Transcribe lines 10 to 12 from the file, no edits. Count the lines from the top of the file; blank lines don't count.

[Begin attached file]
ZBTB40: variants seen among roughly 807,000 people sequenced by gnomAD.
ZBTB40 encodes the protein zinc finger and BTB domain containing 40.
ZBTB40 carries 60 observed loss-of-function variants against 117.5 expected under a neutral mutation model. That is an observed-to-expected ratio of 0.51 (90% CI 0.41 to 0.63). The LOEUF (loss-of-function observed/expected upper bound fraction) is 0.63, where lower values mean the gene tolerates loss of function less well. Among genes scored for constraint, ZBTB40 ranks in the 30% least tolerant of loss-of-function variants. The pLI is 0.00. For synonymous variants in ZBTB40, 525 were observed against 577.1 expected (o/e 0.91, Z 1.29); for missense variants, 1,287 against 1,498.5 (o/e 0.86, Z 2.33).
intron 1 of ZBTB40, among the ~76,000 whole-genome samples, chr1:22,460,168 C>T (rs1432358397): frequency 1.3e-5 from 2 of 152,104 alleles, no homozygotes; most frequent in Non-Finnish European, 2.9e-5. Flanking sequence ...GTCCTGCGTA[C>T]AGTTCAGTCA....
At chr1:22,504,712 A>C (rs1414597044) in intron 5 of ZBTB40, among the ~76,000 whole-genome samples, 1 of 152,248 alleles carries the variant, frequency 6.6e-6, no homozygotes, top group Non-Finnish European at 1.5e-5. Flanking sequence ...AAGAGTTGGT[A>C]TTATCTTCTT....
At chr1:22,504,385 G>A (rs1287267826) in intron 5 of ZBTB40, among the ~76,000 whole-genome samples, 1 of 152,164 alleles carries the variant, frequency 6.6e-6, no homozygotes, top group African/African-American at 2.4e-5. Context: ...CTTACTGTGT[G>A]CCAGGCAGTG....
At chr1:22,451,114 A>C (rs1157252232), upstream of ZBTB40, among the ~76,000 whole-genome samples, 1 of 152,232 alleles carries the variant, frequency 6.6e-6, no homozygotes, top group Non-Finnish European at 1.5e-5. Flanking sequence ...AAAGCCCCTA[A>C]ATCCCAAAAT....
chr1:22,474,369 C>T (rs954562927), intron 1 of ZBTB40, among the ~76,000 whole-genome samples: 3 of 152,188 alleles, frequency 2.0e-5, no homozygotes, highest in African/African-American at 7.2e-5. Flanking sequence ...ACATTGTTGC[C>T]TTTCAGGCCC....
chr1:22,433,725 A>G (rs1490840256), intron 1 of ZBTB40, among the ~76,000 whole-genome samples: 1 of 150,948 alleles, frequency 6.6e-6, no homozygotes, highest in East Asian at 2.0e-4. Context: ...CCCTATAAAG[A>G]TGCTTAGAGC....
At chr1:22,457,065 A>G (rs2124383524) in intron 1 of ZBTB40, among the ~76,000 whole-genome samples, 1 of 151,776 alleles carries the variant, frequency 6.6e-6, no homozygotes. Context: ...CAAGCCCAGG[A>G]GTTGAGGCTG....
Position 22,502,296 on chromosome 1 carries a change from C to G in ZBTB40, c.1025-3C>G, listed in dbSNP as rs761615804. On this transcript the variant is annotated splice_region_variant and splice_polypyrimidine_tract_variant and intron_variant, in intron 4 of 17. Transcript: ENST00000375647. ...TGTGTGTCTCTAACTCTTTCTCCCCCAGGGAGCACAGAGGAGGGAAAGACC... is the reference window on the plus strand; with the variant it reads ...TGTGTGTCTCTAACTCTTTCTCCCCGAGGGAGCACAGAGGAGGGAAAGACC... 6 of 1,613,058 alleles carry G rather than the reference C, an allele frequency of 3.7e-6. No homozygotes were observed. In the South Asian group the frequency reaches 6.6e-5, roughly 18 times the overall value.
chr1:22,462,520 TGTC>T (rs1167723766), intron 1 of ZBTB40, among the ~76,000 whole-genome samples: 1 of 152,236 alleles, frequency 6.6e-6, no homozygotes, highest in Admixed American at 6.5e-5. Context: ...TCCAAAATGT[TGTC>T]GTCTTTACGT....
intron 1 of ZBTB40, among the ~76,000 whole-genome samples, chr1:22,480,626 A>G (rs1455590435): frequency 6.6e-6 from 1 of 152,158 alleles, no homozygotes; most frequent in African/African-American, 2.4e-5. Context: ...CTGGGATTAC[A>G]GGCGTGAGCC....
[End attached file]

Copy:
At chr1:22,457,065 A>G (rs2124383524) in intron 1 of ZBTB40, among the ~76,000 whole-genome samples, 1 of 151,776 alleles carries the variant, frequency 6.6e-6, no homozygotes. Context: ...CAAGCCCAGG[A>G]GTTGAGGCTG....
Position 22,502,296 on chromosome 1 carries a change from C to G in ZBTB40, c.1025-3C>G, listed in dbSNP as rs761615804. On this transcript the variant is annotated splice_region_variant and splice_polypyrimidine_tract_variant and intron_variant, in intron 4 of 17. Transcript: ENST00000375647. ...TGTGTGTCTCTAACTCTTTCTCCCCCAGGGAGCACAGAGGAGGGAAAGACC... is the reference window on the plus strand; with the variant it reads ...TGTGTGTCTCTAACTCTTTCTCCCCGAGGGAGCACAGAGGAGGGAAAGACC... 6 of 1,613,058 alleles carry G rather than the reference C, an allele frequency of 3.7e-6. No homozygotes were observed. In the South Asian group the frequency reaches 6.6e-5, roughly 18 times the overall value.
chr1:22,462,520 TGTC>T (rs1167723766), intron 1 of ZBTB40, among the ~76,000 whole-genome samples: 1 of 152,236 alleles, frequency 6.6e-6, no homozygotes, highest in Admixed American at 6.5e-5. Context: ...TCCAAAATGT[TGTC>T]GTCTTTACGT....